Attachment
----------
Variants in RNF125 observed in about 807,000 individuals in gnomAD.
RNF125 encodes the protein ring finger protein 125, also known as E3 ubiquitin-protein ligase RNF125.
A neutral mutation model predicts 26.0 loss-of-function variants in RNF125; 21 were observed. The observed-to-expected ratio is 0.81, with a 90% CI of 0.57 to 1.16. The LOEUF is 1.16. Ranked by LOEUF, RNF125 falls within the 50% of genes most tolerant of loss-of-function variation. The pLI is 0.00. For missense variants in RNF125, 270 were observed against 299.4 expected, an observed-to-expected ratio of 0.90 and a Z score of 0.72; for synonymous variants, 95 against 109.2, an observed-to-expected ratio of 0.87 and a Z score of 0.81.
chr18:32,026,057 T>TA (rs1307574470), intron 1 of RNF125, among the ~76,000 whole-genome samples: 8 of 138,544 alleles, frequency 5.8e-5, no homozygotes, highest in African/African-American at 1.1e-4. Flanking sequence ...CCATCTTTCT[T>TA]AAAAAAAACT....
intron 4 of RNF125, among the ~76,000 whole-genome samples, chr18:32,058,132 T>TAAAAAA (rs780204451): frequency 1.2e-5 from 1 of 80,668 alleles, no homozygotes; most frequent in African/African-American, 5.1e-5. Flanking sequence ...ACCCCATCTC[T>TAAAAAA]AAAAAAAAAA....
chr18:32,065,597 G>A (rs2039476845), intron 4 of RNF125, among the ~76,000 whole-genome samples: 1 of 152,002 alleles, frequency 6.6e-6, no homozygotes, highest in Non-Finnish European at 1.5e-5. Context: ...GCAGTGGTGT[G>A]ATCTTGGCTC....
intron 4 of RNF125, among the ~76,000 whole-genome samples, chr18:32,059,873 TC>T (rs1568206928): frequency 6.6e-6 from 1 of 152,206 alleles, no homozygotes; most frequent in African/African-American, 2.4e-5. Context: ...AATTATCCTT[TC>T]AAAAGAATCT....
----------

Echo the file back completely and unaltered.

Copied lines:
Variants in RNF125 observed in about 807,000 individuals in gnomAD.
RNF125 encodes the protein ring finger protein 125, also known as E3 ubiquitin-protein ligase RNF125.
A neutral mutation model predicts 26.0 loss-of-function variants in RNF125; 21 were observed. The observed-to-expected ratio is 0.81, with a 90% CI of 0.57 to 1.16. The LOEUF is 1.16. Ranked by LOEUF, RNF125 falls within the 50% of genes most tolerant of loss-of-function variation. The pLI is 0.00. For missense variants in RNF125, 270 were observed against 299.4 expected, an observed-to-expected ratio of 0.90 and a Z score of 0.72; for synonymous variants, 95 against 109.2, an observed-to-expected ratio of 0.87 and a Z score of 0.81.
chr18:32,026,057 T>TA (rs1307574470), intron 1 of RNF125, among the ~76,000 whole-genome samples: 8 of 138,544 alleles, frequency 5.8e-5, no homozygotes, highest in African/African-American at 1.1e-4. Flanking sequence ...CCATCTTTCT[T>TA]AAAAAAAACT....
intron 4 of RNF125, among the ~76,000 whole-genome samples, chr18:32,058,132 T>TAAAAAA (rs780204451): frequency 1.2e-5 from 1 of 80,668 alleles, no homozygotes; most frequent in African/African-American, 5.1e-5. Flanking sequence ...ACCCCATCTC[T>TAAAAAA]AAAAAAAAAA....
chr18:32,065,597 G>A (rs2039476845), intron 4 of RNF125, among the ~76,000 whole-genome samples: 1 of 152,002 alleles, frequency 6.6e-6, no homozygotes, highest in Non-Finnish European at 1.5e-5. Context: ...GCAGTGGTGT[G>A]ATCTTGGCTC....
intron 4 of RNF125, among the ~76,000 whole-genome samples, chr18:32,059,873 TC>T (rs1568206928): frequency 6.6e-6 from 1 of 152,206 alleles, no homozygotes; most frequent in African/African-American, 2.4e-5. Context: ...AATTATCCTT[TC>T]AAAAGAATCT....